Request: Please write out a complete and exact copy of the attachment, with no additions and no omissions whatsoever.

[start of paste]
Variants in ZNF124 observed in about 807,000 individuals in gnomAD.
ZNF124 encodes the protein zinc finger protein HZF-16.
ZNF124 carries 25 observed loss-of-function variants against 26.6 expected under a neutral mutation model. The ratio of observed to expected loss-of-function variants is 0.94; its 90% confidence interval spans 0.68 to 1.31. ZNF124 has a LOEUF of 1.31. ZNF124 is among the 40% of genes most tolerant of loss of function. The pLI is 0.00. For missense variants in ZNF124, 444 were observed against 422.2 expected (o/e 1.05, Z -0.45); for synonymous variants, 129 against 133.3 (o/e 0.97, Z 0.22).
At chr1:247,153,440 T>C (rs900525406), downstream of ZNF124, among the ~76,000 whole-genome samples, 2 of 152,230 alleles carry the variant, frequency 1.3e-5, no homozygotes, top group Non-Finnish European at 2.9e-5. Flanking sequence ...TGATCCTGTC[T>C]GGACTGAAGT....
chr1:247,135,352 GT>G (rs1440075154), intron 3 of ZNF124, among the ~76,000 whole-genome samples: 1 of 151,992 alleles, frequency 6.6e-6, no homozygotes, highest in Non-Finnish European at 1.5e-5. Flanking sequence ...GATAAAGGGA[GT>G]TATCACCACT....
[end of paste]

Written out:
Variants in ZNF124 observed in about 807,000 individuals in gnomAD.
ZNF124 encodes the protein zinc finger protein HZF-16.
ZNF124 carries 25 observed loss-of-function variants against 26.6 expected under a neutral mutation model. The ratio of observed to expected loss-of-function variants is 0.94; its 90% confidence interval spans 0.68 to 1.31. ZNF124 has a LOEUF of 1.31. ZNF124 is among the 40% of genes most tolerant of loss of function. The pLI is 0.00. For missense variants in ZNF124, 444 were observed against 422.2 expected (o/e 1.05, Z -0.45); for synonymous variants, 129 against 133.3 (o/e 0.97, Z 0.22).
At chr1:247,153,440 T>C (rs900525406), downstream of ZNF124, among the ~76,000 whole-genome samples, 2 of 152,230 alleles carry the variant, frequency 1.3e-5, no homozygotes, top group Non-Finnish European at 2.9e-5. Flanking sequence ...TGATCCTGTC[T>C]GGACTGAAGT....
chr1:247,135,352 GT>G (rs1440075154), intron 3 of ZNF124, among the ~76,000 whole-genome samples: 1 of 151,992 alleles, frequency 6.6e-6, no homozygotes, highest in Non-Finnish European at 1.5e-5. Flanking sequence ...GATAAAGGGA[GT>G]TATCACCACT....